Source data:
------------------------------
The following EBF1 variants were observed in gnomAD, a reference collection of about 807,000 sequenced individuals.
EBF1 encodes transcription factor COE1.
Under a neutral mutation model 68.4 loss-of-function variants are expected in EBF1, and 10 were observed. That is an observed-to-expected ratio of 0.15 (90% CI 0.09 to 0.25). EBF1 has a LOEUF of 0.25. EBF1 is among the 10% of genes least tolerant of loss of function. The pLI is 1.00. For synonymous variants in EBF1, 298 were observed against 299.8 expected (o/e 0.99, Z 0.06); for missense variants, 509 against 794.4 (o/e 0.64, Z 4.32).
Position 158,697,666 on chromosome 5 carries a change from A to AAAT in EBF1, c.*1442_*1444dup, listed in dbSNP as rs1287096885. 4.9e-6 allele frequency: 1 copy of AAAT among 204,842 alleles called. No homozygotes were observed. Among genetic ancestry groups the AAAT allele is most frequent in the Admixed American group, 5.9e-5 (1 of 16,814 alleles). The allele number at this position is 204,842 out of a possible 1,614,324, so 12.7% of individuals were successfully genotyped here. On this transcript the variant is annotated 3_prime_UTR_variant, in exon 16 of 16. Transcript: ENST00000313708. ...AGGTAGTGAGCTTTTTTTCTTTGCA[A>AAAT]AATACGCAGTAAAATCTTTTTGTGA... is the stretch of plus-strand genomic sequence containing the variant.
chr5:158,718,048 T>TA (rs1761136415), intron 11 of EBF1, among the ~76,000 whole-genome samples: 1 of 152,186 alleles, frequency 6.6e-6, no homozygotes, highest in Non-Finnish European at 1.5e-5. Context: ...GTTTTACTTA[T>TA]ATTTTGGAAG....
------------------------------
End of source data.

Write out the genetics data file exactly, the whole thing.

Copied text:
The following EBF1 variants were observed in gnomAD, a reference collection of about 807,000 sequenced individuals.
EBF1 encodes transcription factor COE1.
Under a neutral mutation model 68.4 loss-of-function variants are expected in EBF1, and 10 were observed. That is an observed-to-expected ratio of 0.15 (90% CI 0.09 to 0.25). EBF1 has a LOEUF of 0.25. EBF1 is among the 10% of genes least tolerant of loss of function. The pLI is 1.00. For synonymous variants in EBF1, 298 were observed against 299.8 expected (o/e 0.99, Z 0.06); for missense variants, 509 against 794.4 (o/e 0.64, Z 4.32).
Position 158,697,666 on chromosome 5 carries a change from A to AAAT in EBF1, c.*1442_*1444dup, listed in dbSNP as rs1287096885. 4.9e-6 allele frequency: 1 copy of AAAT among 204,842 alleles called. No homozygotes were observed. Among genetic ancestry groups the AAAT allele is most frequent in the Admixed American group, 5.9e-5 (1 of 16,814 alleles). The allele number at this position is 204,842 out of a possible 1,614,324, so 12.7% of individuals were successfully genotyped here. On this transcript the variant is annotated 3_prime_UTR_variant, in exon 16 of 16. Transcript: ENST00000313708. ...AGGTAGTGAGCTTTTTTTCTTTGCA[A>AAAT]AATACGCAGTAAAATCTTTTTGTGA... is the stretch of plus-strand genomic sequence containing the variant.
chr5:158,718,048 T>TA (rs1761136415), intron 11 of EBF1, among the ~76,000 whole-genome samples: 1 of 152,186 alleles, frequency 6.6e-6, no homozygotes, highest in Non-Finnish European at 1.5e-5. Context: ...GTTTTACTTA[T>TA]ATTTTGGAAG....